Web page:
P: The rapidly changing weather was tough in the final, and you finished in 11th after taking over from Sasaki. I think it’s important for you to finish the race without damaging the car especially because your participation this time is limited to the 3rd race; now what did you think of your first outing in the GT500?

L: For sure it’s always good to complete the race and to do the maximum number of laps as possible, especially with this car and under those conditions. The conditions were really really difficult for me especially as my first race in this car, the traffic situation and everything was so complicated. The Okayama racetrack, the weather conditions and with 40 cars on track, it was a big challenge for me, so I kept calm during the weekend, tried not to put a lot of pressure on myself. Again it was disappointing about our pace during the race, because we worked so hard to have a good balance for dry conditions and had a good setup, but then the conditions of the track were really bad for us. For our Yokohama tires especially because we don’t like this type of damp and drizzle conditions on the track; we need either a lot of water or fully dry conditions to perform well. But yes, I definitely learned a lot during the race. I also apologized to the team because I got a penalty for overtaking under a yellow flag at the end of my stint, it was really on the limit; there’s a different regulation here in Japan than in Europe and I think in Europe I would not have gotten that penalty, but here I overtook when I got the green flag in the next post of the accident. But yes, overall I’m happy with my performance, I know where I can improve, what I have to do to improve my driving with this special car and there’s a lot of data to analyze now, preparing for a full year of racing. And next week in Sugo we have more testing. So yeah, Overall I’m happy to do a few minutes, good minutes during the race. Disappointed about the results, about our pace during the race, but there’s nothing we can do.

P: Are there any drivers you think are really incredible?

L:  I think everyone in GT500 is a very very good driver. If they’re not really good, he will be really good by the end of the season. The experience that the GT 500 gives you is absolutely incredible. There’s no other championship in the world that gives you this much knowledge about tire development, full attack performance for qualifying and traffic management. For example, to train for the Le Mans 24 Hours race this is a perfect championship, as there’s no other championship anywhere that gives you this much knowledge, about traffic management, full attack from lap 1 to the end. I know very well that the Nissan drivers like Motoyama-san and Ronnie Quintarelli-san, they are absolutely incredible drivers, they go flat out with no mistakes and they develop tires every week, and the experience they’ve gained in their years in Japan are key points in their careers. Even people like Michael Krumm, he has been racing here for 20 years now, so every driver here is very special and has the ability to perform greatly everywhere. You can see that from the Le Mans 24 Hours, many of the top drivers for Toyota in LMP1 and Porsche, many of them come from racing in Japan in GT500. So I feel really lucky and proud to be in this championship now, and this is just the beginning. I hope to do a good job in these 3 races this year and hopefully come back next year for a full season.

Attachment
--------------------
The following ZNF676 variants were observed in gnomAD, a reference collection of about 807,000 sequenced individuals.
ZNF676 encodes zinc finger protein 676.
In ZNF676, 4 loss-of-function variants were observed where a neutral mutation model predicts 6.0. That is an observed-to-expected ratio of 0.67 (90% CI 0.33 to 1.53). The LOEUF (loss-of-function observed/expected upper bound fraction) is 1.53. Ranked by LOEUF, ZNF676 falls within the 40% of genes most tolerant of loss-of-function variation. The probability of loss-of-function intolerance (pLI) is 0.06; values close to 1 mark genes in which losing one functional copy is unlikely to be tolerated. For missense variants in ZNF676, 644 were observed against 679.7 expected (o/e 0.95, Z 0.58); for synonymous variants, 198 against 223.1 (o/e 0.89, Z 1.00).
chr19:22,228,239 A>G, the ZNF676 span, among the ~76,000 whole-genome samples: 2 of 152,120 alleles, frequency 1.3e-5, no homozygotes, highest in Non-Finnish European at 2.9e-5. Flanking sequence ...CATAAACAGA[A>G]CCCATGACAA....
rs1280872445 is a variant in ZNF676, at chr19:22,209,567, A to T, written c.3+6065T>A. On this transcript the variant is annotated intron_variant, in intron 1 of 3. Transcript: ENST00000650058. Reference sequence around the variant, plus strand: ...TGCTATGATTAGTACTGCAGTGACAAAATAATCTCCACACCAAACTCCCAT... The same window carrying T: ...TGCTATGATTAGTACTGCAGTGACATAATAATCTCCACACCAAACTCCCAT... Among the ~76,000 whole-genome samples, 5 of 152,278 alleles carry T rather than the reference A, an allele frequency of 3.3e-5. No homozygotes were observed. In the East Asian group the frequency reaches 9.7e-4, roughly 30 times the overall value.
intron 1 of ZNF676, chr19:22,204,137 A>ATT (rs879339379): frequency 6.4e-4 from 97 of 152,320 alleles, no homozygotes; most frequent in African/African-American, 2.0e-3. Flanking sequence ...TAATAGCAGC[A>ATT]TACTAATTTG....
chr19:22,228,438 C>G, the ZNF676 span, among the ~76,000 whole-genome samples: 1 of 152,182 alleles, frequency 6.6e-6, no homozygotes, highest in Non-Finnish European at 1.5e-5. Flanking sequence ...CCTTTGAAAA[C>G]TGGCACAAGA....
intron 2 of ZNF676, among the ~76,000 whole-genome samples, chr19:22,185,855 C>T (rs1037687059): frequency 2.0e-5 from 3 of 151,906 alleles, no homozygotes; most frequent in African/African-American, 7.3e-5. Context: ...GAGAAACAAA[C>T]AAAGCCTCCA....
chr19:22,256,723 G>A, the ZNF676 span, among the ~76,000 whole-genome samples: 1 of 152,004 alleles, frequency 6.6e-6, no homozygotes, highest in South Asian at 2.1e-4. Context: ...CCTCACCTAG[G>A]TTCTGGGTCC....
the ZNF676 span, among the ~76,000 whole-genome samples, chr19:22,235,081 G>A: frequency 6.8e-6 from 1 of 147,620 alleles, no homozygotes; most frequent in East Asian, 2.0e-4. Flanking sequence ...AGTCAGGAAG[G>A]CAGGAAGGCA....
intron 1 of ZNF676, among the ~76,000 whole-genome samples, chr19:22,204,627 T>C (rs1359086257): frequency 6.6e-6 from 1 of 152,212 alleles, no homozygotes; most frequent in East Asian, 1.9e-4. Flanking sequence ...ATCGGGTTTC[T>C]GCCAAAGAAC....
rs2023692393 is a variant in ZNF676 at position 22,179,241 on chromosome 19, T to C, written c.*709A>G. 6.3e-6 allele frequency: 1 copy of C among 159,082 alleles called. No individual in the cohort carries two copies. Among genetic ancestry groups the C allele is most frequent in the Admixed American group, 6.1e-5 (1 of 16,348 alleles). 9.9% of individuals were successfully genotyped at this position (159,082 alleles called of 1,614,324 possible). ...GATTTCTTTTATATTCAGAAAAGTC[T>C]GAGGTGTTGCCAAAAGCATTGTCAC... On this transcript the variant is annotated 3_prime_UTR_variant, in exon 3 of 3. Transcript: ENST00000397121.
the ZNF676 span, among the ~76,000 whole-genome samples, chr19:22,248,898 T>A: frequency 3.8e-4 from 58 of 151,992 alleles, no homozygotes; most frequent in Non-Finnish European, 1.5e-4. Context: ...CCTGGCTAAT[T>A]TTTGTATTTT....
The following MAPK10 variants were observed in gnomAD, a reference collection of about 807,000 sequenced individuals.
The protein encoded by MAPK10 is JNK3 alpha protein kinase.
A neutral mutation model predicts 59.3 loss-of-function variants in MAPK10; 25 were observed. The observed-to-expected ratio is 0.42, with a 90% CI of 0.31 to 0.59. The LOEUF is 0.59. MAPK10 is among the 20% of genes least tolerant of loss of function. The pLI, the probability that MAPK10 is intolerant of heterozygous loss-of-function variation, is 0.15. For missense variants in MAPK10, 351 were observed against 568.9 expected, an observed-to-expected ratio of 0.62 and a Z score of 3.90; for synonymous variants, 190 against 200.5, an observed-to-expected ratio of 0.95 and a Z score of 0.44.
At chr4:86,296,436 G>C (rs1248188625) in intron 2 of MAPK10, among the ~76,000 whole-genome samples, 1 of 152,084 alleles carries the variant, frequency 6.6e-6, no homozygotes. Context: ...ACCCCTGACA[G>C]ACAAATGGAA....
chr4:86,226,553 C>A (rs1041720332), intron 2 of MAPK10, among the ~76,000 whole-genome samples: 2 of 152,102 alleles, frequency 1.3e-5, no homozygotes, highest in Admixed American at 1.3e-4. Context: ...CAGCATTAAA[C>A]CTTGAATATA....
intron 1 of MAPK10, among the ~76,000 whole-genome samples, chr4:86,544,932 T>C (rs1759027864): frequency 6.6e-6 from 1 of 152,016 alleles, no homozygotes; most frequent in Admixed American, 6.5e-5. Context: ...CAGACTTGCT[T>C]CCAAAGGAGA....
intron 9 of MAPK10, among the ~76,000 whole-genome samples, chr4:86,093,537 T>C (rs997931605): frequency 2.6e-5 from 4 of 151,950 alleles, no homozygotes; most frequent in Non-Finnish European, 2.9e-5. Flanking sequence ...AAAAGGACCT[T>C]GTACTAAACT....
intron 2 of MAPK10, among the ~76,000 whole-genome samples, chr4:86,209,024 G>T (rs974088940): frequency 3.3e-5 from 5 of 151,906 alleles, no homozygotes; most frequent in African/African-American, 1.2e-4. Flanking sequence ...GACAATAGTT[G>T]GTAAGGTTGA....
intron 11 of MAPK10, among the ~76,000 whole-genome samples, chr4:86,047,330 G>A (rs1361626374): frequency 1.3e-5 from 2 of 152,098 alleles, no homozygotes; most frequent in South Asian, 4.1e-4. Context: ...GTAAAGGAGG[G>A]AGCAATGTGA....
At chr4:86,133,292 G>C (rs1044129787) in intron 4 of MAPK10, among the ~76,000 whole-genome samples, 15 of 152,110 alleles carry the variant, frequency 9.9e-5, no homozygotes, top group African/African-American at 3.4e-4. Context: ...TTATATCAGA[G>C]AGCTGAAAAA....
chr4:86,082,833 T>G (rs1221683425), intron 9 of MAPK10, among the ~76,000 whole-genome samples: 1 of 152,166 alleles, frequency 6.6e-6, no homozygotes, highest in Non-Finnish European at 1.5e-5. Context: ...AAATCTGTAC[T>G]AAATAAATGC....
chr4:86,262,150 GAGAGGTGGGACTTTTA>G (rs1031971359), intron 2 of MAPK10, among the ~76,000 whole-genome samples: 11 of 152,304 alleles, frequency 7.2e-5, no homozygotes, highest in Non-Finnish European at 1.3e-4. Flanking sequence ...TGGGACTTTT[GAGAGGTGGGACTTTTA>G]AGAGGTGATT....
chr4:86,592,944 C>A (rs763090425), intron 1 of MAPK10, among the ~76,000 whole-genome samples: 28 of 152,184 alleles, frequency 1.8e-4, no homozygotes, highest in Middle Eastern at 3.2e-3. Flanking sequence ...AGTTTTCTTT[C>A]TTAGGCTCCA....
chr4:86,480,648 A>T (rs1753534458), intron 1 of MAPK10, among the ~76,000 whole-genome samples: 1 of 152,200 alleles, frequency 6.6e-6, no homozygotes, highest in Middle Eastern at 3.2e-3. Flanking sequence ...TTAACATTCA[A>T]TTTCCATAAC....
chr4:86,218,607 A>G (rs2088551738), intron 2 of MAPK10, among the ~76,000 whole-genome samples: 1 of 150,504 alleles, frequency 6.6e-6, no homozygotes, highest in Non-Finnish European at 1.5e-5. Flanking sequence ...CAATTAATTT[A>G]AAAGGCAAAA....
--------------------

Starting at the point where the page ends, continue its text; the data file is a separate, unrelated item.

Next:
P: It’s been 7 years since you became GT Academy Champion in 2008, what are your next objectives now in your 7th season as a professional driver?

L: It’s a been a long journey, 7 years now as a racing driver, who would have thought this in 2007 when I was studying in Spain. But yes, now as a full professional racing driver I’m in the top class of racing in Japanese Super GT, and I’m going to race in the Le Mans in the LMP1 class – to be honest these were my targets in my racing career. So the next for me is just to keep learning, keep competitive, to get a chance to drive for a full season in Super GT next year, to keep working for LMP1 projects for the future and as you know this year I joined the Japanese F3, which is really good training, so I hope to do a very good job there as well, but I’m competing against young drivers with experience in single seaters and for me it’s my first year in single seaters, so that’ll be a big challenge. But if I do a good job, next year will be a really exciting season; hopefully a full program in GT500 and LMP1. That’s my target. Many people ask me about Formula 1 and stuff but that’s not realistic, I’m 30 years old, I’m a Nismo/Nissan driver and my target is to keep being at the top level of sports car and endurance racing.

P: So can you share the secret to winning the GT Academy for players aiming for the top of GT Academy in Japan?

L: The small advice I can give to Japanese GT Academy competitors is that they have to prepare themselves to become a racing driver. You join GT Academy and you want to win and become a racing driver, and for that you have to make a big effort. It’s a big change in your life, and if it’s your dream to become a racing driver it might look very good and very exciting but it’s a very big change on your life, and you have to be really ready for that. And if you want to win and become a racing driver, you need to train a lot in Gran Turismo, try to understand how you get faster on the vehicle side, train physically, as fitness is very important to become a racing driver, and I think because GT Academy is global, the language barrier is something very important; if you can learn to speak a little bit of English, being a Japanese it will be great for your future racing career outside Japan. And for sure it’s all about passion and all about making the big effort to keep in practice, to keep working every day and to listen to the people around you to improve your driving. To work with engineers, the way you communicate is very important, so for sure training on Gran Turismo, communication, fitness, and language are my main suggestions for success in becoming a new GT Academy winner.”

P: The 2nd round at Fuji held from May 2 to 3 will be a super high speed race reaching speeds of over 300km/h. There will be lots of Japanese Gran Turismo players spectating there and we all have high expectations for you.

L: If everything functions properly, tires related matters included, I think we can achieve great results. Arigatou gozaimashita! Otsukaresamadeshita!